Friday, March 23, 2007
Responding to Bill Barr and his thoughts on Industry Analysts
In thinking about it, I am not sure that influence is all that important anymore to me. I think I could afford to give up a little bit in exchange for having more time to spend with my family. Every morning, the joy I receive from being able to put my son on the school bus is beyond description. If I could also be there when he gets home, that would be even better. Being in Kindergarten is a magical time in life and to see his face light up when he describes how he got Super Green and went to Treasure Chest is the type of influence we should all focus on. I think our perspectives on work/life balance are somewhat distorted.
My understanding of the industry analyst profession is that travel is somewhat limited. Of course they travel to conferences, probably more than I ever would get to do in my day job. Conferences happen to be in pretty nice locations such as Florida and California and when it is cold, I can appreciate being inconvienced in this regard. Analysts do also take on consulting assignments, but unlike an industry consulting such as Accenture, McKinsey or DiamondCluster, travelling is not really about commuting as your gig lasts for a week and then you get to see new places. Imagine if you lived in a really cool city such as Miami and you got a traditional consulting assignment where you had to fly every single week to some boring place such as Denver or Maine, it would get pretty tiring. As desperation sets in, you start to crave the mediocrity of having a fulltime corporate job so as to feel normal. If I had to hop a plane say once every other month with the acknowledgement that I probably would see different cities each job, I think that would be cool.
I still have a little bit of personal development before I even consider becoming an industry analyst. I am great at understanding both at a high-level and detail pretty much any technology in existence. I could do a great job of doing 1/2 hour briefings with any Fortune enterprise client where I get them to consume 20 minutes of time just talking about themselves and close out the remaining 10 minutes with cliche phrases emphasizing the importance of having a strong ROI, gaining business buy-in, start of small and being incremental, etc.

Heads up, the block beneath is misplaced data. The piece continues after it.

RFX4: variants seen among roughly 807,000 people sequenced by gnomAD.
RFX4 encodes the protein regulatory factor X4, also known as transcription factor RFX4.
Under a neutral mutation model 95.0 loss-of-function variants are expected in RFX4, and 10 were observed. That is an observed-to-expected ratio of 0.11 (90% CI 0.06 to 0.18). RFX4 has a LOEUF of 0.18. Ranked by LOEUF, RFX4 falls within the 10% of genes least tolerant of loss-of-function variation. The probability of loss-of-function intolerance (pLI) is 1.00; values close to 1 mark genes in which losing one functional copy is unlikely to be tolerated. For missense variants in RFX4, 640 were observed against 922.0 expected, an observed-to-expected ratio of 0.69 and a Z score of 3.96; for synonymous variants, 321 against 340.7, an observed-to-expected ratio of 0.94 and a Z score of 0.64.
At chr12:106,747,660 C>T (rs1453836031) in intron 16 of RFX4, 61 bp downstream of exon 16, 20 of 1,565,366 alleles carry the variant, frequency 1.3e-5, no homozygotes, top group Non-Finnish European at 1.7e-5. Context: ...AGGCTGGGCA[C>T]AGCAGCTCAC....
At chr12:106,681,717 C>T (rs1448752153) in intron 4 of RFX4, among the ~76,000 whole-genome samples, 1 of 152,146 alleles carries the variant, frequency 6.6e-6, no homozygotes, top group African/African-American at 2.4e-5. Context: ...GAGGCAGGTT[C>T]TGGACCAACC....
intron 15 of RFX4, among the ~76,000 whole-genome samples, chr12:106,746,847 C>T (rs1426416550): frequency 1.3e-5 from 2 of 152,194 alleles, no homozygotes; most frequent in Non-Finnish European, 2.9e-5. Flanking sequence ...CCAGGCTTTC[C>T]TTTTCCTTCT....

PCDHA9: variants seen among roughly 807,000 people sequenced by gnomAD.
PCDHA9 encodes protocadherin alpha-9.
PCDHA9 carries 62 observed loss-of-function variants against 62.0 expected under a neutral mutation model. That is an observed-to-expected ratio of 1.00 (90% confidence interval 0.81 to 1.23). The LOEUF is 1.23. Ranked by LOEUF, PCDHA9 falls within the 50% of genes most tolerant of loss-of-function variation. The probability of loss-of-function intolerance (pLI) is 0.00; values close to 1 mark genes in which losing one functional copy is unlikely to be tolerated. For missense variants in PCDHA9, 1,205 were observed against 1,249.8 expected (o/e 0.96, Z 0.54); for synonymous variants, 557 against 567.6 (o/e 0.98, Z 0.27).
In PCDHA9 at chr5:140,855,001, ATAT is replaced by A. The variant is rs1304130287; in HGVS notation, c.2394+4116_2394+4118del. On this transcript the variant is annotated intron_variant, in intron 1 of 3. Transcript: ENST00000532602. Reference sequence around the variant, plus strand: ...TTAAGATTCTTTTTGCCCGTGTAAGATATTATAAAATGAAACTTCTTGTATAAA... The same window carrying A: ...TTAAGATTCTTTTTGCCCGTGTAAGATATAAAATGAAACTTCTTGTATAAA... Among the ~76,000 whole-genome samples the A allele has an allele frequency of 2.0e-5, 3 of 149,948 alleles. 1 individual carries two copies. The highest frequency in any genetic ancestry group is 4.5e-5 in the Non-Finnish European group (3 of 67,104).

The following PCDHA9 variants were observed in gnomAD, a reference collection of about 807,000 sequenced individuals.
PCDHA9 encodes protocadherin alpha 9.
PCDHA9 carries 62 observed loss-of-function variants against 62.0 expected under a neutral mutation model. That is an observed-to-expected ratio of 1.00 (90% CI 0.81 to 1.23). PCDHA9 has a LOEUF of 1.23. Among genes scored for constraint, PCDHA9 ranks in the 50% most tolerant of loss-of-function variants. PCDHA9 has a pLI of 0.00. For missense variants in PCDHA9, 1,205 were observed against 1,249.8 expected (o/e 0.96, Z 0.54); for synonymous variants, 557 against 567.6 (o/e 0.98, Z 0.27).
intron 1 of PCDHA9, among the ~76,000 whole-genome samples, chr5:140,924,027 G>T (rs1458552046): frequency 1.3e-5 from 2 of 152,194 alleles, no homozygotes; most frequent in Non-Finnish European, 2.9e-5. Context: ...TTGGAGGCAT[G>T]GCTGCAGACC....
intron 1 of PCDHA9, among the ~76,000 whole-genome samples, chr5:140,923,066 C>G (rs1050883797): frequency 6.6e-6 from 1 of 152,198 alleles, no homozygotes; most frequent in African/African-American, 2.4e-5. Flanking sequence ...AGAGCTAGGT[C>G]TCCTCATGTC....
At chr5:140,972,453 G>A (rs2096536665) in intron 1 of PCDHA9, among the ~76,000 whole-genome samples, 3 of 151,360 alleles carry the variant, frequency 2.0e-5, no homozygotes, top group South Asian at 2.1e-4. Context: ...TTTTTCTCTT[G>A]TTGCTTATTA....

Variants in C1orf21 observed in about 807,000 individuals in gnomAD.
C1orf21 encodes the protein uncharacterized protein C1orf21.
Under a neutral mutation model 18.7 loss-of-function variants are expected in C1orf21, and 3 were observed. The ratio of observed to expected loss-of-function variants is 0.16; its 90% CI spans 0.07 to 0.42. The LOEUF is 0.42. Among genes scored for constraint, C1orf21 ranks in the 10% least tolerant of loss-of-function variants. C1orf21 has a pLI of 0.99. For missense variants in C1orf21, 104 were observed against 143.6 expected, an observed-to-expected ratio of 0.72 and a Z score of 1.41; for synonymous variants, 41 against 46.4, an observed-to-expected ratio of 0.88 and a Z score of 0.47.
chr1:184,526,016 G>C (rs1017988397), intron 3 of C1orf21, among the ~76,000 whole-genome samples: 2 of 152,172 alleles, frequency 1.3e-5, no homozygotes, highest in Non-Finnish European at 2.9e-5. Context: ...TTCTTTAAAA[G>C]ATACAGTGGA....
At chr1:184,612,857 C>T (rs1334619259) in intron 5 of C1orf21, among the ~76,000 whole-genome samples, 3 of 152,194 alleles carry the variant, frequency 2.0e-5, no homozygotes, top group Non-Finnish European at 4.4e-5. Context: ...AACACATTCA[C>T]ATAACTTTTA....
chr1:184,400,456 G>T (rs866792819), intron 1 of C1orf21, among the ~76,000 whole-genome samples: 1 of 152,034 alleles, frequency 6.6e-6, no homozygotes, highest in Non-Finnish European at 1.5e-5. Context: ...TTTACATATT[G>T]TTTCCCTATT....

I still though have to figure out how to distill things down to ordinary understanding. The essence of an issue in that I probably would stuggle attempting to explain why every enterprise needs to embrace SOA in thirty seconds to an non-technical IT executive (Is this an oxymoron?) or other hype of the minute fill in the blank technology is still elusive. One of the traps that I always fall into is going down and not coming up for air. In terms of personal development, I was thinking about visiting Pratt & Whitney and finding someone there to allow me to moderate a conversation with someone equally clueless at Boeing. I could talk about why Boeing should only consider Pratt & Whitney engines, do lots of hand waving and talk about my experiences in the airline industry. After all, I have been a frequent flyer on many occasions. Hopefully this employee of Boeing could also tell me that he understands the corporate culture even though he has never been on an airplane in their lifetime. I guess it would be sufficient though if this individual did live in Seattle and Chicago and had a couple of Boeing employees as friends.
I haven't had the joy of having a conversation on something where I was utterly clueless with another individual who was equally clueless as I. Once I get this type of experience under my belt, I will be prepared for being an industry analyst...
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